Our motto here at Interior Archaeology is “Creating Noble Spaces.” Noble in this context doesn’t necessarily mean formal, just that the space reaches its highest capacity when it’s helping its occupant reach theirs. I had the great pleasure to meet another design professional with very similar goals but a very different approach, and this month I sat down with her to talk about her process. Gillian C. Rose is a Color Scientist and creator of the Color Our World™ Collection for Fine Paints of Europe. In her own words, she “ trained in the application of color within the built environment and the human response.” She accesses the science behind what we’re drawn to for her clients through her specially-created Color Wordplay. In our interview, she told me, “I designed it to be like a Cosmo quiz, but in reality it’s a neuroscience polarity test.” Listen in!Read More
A Brief, Passionate Note from Your Designer After Her Highly Productive Visit to High Point:
Are you familiar with the concept of “ruining” something for yourself that you enjoy by doing it as a profession? Filmmakers can’t enjoy movies like you or I would, Graphic Designers can’t look at art with an objective eye, Architects can’t ignore an ugly building like the rest of us can...I cannot ignore any facet of interior design. This has a lot of benefits for my clients, but I want to highlight for you one of the areas where you can take total advantage of my inability to not absorb all aspects of the design around me at all times, which I am absolutely shocked is not the number one reason I’m hired.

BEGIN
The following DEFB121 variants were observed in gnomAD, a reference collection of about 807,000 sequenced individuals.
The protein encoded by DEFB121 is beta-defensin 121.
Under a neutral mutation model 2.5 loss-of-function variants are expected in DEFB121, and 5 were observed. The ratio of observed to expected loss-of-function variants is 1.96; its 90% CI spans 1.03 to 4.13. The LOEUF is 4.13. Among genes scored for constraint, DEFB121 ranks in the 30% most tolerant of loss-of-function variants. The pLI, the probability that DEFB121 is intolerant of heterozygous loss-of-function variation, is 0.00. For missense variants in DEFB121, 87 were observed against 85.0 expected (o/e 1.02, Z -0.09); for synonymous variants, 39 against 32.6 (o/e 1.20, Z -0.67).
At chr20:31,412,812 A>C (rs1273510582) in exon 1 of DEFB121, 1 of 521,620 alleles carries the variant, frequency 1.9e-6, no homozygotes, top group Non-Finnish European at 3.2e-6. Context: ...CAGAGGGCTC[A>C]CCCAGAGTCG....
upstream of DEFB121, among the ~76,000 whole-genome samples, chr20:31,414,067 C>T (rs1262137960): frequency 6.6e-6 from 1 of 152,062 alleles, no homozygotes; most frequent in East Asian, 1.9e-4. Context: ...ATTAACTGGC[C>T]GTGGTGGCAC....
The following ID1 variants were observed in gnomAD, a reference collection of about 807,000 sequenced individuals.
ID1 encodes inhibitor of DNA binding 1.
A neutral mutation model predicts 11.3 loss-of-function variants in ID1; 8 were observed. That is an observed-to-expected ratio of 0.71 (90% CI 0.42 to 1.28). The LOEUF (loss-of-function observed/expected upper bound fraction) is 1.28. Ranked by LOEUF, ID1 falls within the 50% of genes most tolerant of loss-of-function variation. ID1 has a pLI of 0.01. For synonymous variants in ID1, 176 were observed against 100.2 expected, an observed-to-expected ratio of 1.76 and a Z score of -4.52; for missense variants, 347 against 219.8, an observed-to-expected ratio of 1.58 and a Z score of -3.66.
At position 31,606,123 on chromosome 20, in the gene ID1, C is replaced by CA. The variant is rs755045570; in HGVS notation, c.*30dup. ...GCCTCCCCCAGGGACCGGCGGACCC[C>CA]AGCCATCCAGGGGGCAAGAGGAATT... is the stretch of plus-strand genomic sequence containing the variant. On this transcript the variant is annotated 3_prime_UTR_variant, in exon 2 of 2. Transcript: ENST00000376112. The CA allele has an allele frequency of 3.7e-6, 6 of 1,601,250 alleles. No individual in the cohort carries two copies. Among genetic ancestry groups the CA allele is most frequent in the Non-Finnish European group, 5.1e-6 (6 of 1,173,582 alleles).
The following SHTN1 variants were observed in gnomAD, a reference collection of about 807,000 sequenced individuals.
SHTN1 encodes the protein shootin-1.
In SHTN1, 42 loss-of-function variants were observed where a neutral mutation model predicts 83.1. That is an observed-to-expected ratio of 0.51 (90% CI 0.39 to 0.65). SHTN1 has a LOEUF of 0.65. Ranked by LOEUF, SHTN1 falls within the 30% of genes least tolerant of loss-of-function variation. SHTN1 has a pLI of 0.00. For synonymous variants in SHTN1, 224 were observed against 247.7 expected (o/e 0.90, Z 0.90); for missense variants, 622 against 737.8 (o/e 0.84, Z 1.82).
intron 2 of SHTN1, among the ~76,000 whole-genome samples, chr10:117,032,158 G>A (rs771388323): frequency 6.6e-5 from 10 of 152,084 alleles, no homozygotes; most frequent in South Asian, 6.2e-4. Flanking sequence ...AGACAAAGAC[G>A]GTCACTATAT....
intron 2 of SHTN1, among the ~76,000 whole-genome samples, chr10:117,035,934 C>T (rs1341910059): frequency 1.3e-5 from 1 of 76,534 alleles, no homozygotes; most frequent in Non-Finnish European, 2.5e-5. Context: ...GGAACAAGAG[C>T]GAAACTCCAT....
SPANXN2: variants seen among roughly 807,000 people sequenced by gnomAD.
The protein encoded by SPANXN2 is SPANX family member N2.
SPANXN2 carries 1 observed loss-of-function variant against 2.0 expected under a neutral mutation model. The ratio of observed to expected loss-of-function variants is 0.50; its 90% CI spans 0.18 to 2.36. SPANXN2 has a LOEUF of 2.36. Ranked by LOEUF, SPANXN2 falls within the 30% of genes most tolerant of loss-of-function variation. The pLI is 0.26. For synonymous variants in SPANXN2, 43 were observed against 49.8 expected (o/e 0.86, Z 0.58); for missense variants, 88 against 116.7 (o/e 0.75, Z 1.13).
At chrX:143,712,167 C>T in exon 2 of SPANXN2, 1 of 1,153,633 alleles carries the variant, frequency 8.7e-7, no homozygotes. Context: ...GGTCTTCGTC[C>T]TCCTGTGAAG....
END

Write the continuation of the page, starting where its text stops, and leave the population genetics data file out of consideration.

Now that I’ve had time to settle into my temporary residence in Hidden Hills (see our January blog post for how I ended up there!), I’ve begun to notice something really marvelous. These are people who are not afraid to make bold changes to their homes! “Hidden” in this charming 1950s ranch-style community, relaxed and infused with an informal pastoral energy, are a critical mass of Hollywood creatives, celebrities and influencers.Read More
This month I’m faced with a conundrum that is a common one for the lucky designers working on great historical properties. One of my current projects captures all that I love about home and architecture so much that I nearly go into a trance just thinking about it. It’s a brilliantly executed Spanish Hacienda by Alfred T. “Hap” Gilman, who from the 30s through the 50s was an architect in Los Angeles known for his work in Monterey Colonial and Spanish Revival styles.Read More